Today marks the day of yet another round of striking by teachers who care more about their pensions than they do about the children of which they are responsible for during the day.
Now, a Labour shadow minister has condemned striking teachers as “irresponsible”, warning they are leaving “vulnerable” children “roaming the streets, getting into drugs”.
Lord Adonis, a former schools minister, who now shadows the treasury, also publicly urged other left wing politicians to condemn the current teacher strikes. “We will never have a decent deal for teachers unless they behave professionally,” he said. “There is nothing more irresponsible in a profession than withdrawing your services and leaving vulnerable young people who depend on you to turn up and to teach day by day. People like me, and I am on the left in politics, need to be very, very clear that there should be some no go areas. And teachers striking on issues, which are of secondary concern – it maybe that there is some fundamental issue which once in a generation comes up – but issues of secondary concern, that is basically unprofessional conduct.”
Stephen Twigg, Labour shadow education secretary until Monday’s reshuffle, has been criticised by ministers for not condemning strikes organised by the NUT and NASUWT unions. His replacement Tristram Hunt has yet to speak on the issue.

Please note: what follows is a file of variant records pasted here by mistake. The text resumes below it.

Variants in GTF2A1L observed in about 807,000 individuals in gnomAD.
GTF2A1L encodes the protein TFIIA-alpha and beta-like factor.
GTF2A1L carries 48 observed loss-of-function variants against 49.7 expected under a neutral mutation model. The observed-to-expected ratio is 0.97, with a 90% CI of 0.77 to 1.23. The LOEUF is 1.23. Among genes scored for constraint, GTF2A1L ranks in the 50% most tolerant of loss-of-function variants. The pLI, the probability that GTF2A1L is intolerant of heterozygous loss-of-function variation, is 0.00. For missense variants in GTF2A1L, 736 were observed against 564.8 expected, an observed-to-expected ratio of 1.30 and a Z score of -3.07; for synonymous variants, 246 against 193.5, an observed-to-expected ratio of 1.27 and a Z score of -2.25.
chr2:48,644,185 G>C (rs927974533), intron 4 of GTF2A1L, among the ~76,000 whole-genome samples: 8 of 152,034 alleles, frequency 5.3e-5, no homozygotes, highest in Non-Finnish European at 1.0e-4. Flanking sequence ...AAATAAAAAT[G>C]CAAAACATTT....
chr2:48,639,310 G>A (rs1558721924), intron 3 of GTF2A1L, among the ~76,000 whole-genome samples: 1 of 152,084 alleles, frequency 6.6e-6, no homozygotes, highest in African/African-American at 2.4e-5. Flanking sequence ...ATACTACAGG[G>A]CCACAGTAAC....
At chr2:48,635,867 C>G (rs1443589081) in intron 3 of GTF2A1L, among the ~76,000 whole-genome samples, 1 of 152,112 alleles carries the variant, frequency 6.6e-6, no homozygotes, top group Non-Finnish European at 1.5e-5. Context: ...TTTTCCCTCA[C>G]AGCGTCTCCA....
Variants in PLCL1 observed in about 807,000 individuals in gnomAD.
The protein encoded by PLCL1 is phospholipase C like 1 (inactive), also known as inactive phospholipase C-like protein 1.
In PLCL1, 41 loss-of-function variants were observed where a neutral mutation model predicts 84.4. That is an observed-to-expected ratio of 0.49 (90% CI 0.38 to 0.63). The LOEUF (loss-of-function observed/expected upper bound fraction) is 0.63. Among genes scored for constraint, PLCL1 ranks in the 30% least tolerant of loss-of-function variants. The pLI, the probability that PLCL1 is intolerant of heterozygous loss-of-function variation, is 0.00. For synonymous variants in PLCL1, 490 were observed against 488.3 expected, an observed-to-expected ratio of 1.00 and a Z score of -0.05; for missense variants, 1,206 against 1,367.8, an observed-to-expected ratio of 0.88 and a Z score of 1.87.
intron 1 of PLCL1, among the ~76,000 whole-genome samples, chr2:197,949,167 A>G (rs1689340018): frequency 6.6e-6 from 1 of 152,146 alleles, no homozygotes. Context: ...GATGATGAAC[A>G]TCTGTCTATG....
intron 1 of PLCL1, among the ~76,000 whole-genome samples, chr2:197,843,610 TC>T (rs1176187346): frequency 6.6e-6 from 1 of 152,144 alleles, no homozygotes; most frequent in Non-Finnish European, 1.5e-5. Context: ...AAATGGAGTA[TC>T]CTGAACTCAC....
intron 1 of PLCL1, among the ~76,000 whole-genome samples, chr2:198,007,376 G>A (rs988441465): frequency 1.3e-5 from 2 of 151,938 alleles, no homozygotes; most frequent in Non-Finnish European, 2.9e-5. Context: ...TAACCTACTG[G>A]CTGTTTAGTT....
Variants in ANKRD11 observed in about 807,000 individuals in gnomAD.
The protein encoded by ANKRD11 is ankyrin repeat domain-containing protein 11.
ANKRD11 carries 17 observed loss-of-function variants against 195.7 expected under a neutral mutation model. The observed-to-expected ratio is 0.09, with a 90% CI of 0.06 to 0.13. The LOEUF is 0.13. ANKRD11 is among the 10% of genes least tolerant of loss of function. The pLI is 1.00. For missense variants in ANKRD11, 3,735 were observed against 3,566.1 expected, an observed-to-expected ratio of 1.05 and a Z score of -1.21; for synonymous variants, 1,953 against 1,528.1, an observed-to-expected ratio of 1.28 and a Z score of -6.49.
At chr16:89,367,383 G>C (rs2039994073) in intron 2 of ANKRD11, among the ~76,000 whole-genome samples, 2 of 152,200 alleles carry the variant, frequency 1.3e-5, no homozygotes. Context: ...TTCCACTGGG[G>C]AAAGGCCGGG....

Lord Adonis was at an event launching new research on teacher status commissioned by the Varkey Gems Foundation. He made his comments after being asked about the next round of industrial action scheduled to take place next week.
He added: “You will not get society’s esteem for a profession which does not turn up at nine o’clock on a Monday morning – leaving children at home, in front of the sofa, roaming the streets, getting into drugs, all of those other things that happen – simply in pursuit of what is a course that should be negotiated.”
No one from the NASUWT or NUT leadership was available for comment. Why am I not surprised? I got a text message from the NUT the other day inviting me to go and join a rally in Exeter, and quite frankly I was half tempted to text back saying ‘I will not join a group of pathetic individuals who are in the profession for the wrong reasons.’ I didn’t so don’t worry.
I still maintain my view that teachers who strike should be sacked, and that there is no room in this profession for people who only care about their pensions. I came into teaching because I love the idea that I can inspire children to have opportunities that I didn’t have as a kid and allow children to achieve their full potential. Assuming I get a job straight after I graduate at the end of this academic year, I can be responsible for hundreds, even thousands of children’s potential. How amazing would that feel to help all those children in potentially 3 or 4 generations to achieve success in their lives? I would want to retire with enough money to be able to live out the rest of my days knowing that I have had a long, successful, and enjoyable career and have amazing memories doing something I love. If people on pensions think they’re hard up for money, why don’t we look at what they spend their pensions on? I don’t intend to stereotype, but I walk into Sainsburys often to get my weekly shopping, and I see pensioners in the alcohol isle, filling baskets or trolleys with bottles of alcohol, some not exactly cheap either. Of course this isn’t true for all of them. I’m so glad I’m t-total though, noone can accuse me of blowing the budget on unnecessary expenses.